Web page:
Breakdancing is an athletic style of street dancing that was born from the hip hop movement, and those who participate in it are referred to as b-boys, b-girls or breakers. This form generally requires the dancer to groove to the rhythm and beat of the song and is often done in the competitive environment of a cypher. Breaking has been a burgeoning scene in India over the last few years, especially as a form of escape for boys coming from low-income or underprivileged backgrounds, whose exposure to hip hop music is what leads them to this dance style. But while there are a few crews around the world who do accommodate deaf or partially deaf dancers, it’s usually unheard of as most competitions take into account the participants’ responsiveness to the rhythm of the music. Here, it’s crucial for the steps to align with the beats of the music. But rules were meant to be broken.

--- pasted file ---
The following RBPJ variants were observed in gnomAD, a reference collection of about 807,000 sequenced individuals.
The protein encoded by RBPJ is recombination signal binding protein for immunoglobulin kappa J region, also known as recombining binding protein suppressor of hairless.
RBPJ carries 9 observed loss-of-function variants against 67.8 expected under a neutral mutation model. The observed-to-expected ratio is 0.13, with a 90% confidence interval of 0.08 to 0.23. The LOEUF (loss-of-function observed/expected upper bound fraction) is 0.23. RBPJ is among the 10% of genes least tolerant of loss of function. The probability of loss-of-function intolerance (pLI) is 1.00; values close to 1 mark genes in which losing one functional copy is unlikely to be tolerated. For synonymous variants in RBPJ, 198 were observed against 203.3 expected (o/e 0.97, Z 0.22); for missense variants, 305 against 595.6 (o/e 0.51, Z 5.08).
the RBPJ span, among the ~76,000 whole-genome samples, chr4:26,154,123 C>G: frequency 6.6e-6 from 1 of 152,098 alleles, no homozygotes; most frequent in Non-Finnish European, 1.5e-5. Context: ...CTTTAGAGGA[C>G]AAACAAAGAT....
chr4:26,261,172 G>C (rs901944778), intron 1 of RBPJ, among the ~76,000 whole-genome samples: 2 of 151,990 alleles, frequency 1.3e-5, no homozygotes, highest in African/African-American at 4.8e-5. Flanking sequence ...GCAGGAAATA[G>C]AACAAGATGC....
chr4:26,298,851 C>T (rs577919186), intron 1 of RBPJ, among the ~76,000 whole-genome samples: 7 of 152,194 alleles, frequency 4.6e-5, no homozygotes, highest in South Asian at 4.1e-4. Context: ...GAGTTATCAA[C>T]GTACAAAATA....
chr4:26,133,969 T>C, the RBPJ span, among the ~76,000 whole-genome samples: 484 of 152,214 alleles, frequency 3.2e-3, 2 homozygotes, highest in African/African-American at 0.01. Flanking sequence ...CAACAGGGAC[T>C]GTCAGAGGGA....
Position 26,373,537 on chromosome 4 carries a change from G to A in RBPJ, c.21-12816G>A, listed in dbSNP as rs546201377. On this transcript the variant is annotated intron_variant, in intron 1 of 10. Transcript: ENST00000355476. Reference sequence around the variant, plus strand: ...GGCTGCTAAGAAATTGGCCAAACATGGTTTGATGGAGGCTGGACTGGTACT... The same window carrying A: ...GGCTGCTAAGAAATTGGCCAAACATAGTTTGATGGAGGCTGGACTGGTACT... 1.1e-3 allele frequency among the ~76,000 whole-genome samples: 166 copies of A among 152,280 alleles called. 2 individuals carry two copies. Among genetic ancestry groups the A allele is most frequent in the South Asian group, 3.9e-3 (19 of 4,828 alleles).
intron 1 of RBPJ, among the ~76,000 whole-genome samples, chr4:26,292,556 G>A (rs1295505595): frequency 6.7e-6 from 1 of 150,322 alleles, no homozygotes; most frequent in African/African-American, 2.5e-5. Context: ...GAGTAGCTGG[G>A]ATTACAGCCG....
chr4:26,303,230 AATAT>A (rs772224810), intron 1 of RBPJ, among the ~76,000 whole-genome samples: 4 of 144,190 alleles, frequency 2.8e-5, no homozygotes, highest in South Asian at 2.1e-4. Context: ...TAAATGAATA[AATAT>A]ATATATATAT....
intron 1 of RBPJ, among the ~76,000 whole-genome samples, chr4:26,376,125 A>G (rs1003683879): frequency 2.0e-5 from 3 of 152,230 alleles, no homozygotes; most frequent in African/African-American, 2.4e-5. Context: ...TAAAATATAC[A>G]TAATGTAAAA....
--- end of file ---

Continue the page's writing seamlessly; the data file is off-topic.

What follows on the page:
For Tiwari and Sayyed, things weren’t easy while growing up. Even though they studied in a special education school in Mumbai, the sense of alienation, in school and in society, remained. Today, they study at the Public Charitable Trust for Training Disabilities in Malad, where Tiwari is in the 9th grade while Sayyed is in 12th. “People in our school couldn’t understand us or talk to us, so it was always difficult to make friends or even have anyone else who could relate to us, so we always felt like outcasts,” they tell me in sign language. The feeling of being outsiders, reinforced by years of bullying and mockery by peers, went on for a while. Then, they stepped into the world of breakdancing.